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Why I choose not to use La Roche-Posay Lipikar

I will always be attracted to products that claim to help people manage skin conditions such as eczema. I received a free sample of La Roche-Posay Lipikar Baume AP and Lipikar Lait. This was something I had signed up for via the UK National Eczema Society. La Roche-Posay's Lipikar range is marketed to dry, itchy skin and "works in partnership with the skin to decrease the re-occurance of flare-ups in eczema-prone skin". Also free from soap and parabens. They also like to push that they have dermatologist approval.

The biggest hurdle that brands and customers face is that when it comes to eczema prone skin we all have different needs. There will always be products that work for me and not for others. As I have Atopic eczema it's connected to allergies so I scrutinise labels and I'm on the hunt for any ingredient that may trigger a reaction. I'm also looking to treat the itch and soothe overall appearance of my skin condition.

I'm personally disappointed in some of the ingredients in the La Roche-Posay Baume AP and Lait. They contain parfum, paraffin, dimethicone and acetylated lanolin alcohol which are not very appealing to my skin and the plant derivatives are few - shea butter, bisabolol, rapeseed. I strongly believe that any product intended for sensitive or eczema prone skin should be free from perfume. Fragrance is a known trigger so much so that there are 26 fragrance allergens which must be labelled if present at a specific percentage in cosmetics.  Mineral oils (paraffin) and dimethicone are intended to coat the skin and to give product a silky 'slip' for ease of application. If you experience eczema with infection then these ingredient may trap germs in place and offer no healing properties. If you haven't tried it before may I suggest you buy a tub of shea butter and see how you get on, it will be fragrance free and without paraffin. 

If La Roche-Posay works for you then fantastic but I simply wish to demonstrate how I go about choosing products and accessing labels. Always patch test your skincare and in the long term if you can't see an improvement then move on to something else.

8 comments

  1. Thank you for the warning! I have psoriasis so I will be steering clear.

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  2. If you're interesting in ingredients, a great website to check out is.. http://www.ewg.org/skindeep/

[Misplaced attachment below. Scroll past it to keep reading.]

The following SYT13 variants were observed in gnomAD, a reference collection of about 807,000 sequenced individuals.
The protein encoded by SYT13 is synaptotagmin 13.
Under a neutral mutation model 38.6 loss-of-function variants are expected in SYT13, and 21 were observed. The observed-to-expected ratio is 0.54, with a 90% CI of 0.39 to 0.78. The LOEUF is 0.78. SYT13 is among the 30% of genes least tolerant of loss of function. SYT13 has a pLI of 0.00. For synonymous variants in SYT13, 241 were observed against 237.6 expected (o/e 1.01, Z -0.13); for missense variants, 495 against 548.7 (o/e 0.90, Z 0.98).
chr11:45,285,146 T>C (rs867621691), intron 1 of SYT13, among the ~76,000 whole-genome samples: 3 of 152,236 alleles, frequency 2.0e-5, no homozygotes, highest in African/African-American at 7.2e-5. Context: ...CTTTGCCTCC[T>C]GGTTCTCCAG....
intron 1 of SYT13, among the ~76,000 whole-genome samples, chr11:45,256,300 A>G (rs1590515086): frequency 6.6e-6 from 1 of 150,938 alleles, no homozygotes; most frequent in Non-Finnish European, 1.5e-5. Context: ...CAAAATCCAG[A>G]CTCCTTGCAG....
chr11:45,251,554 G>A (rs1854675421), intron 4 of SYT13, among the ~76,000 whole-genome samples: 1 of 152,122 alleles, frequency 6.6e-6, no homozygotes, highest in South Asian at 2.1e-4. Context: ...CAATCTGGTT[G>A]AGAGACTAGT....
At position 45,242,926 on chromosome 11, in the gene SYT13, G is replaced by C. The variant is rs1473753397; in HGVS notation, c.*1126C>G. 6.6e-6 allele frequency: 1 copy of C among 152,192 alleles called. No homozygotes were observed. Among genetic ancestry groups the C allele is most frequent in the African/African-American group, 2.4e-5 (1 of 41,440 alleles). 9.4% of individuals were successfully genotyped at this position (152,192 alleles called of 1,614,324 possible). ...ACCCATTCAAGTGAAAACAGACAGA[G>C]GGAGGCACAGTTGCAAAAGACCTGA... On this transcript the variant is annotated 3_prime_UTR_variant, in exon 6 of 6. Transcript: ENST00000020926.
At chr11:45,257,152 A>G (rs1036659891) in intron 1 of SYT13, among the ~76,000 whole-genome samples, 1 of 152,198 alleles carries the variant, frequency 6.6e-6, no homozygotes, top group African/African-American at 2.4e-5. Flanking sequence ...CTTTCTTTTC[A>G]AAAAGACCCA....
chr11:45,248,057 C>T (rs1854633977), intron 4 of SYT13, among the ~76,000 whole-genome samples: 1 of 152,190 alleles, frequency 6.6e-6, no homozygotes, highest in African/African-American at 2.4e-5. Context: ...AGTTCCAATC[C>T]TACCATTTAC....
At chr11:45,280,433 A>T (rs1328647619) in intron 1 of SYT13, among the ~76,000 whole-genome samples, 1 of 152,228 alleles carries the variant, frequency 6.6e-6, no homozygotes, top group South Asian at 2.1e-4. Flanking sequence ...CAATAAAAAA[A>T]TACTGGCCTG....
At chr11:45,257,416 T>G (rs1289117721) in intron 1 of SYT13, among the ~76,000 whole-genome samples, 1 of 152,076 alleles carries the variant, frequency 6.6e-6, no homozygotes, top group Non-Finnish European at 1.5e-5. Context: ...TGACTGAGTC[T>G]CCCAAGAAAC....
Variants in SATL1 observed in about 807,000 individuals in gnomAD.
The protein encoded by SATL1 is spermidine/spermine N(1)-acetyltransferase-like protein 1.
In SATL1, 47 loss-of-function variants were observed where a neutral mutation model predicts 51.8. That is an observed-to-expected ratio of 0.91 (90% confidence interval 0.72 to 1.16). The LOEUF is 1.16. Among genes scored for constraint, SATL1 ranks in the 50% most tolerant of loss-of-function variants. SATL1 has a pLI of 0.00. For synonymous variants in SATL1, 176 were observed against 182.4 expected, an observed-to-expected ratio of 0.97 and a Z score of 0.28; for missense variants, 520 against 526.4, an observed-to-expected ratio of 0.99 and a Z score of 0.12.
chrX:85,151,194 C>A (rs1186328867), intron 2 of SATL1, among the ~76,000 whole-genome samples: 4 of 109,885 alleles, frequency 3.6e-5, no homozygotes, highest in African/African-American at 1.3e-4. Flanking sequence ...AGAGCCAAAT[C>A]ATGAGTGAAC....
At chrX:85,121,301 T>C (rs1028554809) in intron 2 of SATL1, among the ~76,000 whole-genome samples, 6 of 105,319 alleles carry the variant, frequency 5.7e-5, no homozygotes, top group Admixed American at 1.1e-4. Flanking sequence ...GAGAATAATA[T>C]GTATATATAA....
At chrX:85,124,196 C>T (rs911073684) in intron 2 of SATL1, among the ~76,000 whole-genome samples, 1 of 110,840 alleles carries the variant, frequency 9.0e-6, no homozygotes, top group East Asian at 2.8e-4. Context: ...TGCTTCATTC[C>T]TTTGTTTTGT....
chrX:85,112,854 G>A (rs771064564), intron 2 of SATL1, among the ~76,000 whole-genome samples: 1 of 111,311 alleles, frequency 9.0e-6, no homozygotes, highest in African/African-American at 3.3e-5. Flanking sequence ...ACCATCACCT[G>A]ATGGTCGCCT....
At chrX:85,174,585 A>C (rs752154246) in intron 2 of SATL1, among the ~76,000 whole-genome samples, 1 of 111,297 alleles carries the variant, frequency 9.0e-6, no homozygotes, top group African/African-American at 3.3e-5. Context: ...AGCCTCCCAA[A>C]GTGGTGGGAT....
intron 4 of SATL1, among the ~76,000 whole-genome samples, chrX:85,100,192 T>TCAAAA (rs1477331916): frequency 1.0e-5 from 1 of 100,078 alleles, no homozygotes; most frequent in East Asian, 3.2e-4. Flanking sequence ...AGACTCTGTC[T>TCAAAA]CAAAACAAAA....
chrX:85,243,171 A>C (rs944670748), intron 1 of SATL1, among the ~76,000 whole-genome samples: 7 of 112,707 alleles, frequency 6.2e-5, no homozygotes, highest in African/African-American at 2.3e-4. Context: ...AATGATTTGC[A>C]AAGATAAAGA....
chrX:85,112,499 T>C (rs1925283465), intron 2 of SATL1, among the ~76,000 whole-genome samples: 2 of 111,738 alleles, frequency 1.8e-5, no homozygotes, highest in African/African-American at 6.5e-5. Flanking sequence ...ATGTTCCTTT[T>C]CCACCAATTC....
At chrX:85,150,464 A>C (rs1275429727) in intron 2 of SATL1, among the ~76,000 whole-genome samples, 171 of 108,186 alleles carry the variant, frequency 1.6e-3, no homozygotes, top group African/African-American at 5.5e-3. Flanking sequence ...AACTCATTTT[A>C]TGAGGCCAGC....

You can look up products! :)

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  3. @Staci glad to be of help its my personal belief that skin conditions like yours and mine need natural TLC.

    @Vintage Makeup thanks you for the website link, very helpful

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  4. I have just started a blog on science communication sciencesosexy.blogspot.com. Maybe you'd like to guest post on your knowledge of skin products? I think it would be a great addition. Let me know if you're interested. I am your enwest follower, hopping from BSN x

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  5. @Esmeralda thanks for following, your blog looks very interesting

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  6. I think it is great that your blog is dedicated to chemical free products. I have tested & currently testing a few products for sensitive skin, so hopefully it will help you :) x

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  7. That's scary that they use those ingredients to treat skin conditions like Eczema, even if they are paraben free, I don't understand how parrafin is meant to do anything good for your skin. I think companies just use it as a cheap filler. I agree that natural products are probably best when it comes to skin conditions.

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  8. @MissTeaAddict - I totally agree with your comment, I never have understood the use of paraffin once I realised what is was and how it effects the skin.

    @Kia - thank you, its something I strongly believe in and wanted to tell the world. I look forward to reading about the products you are testing

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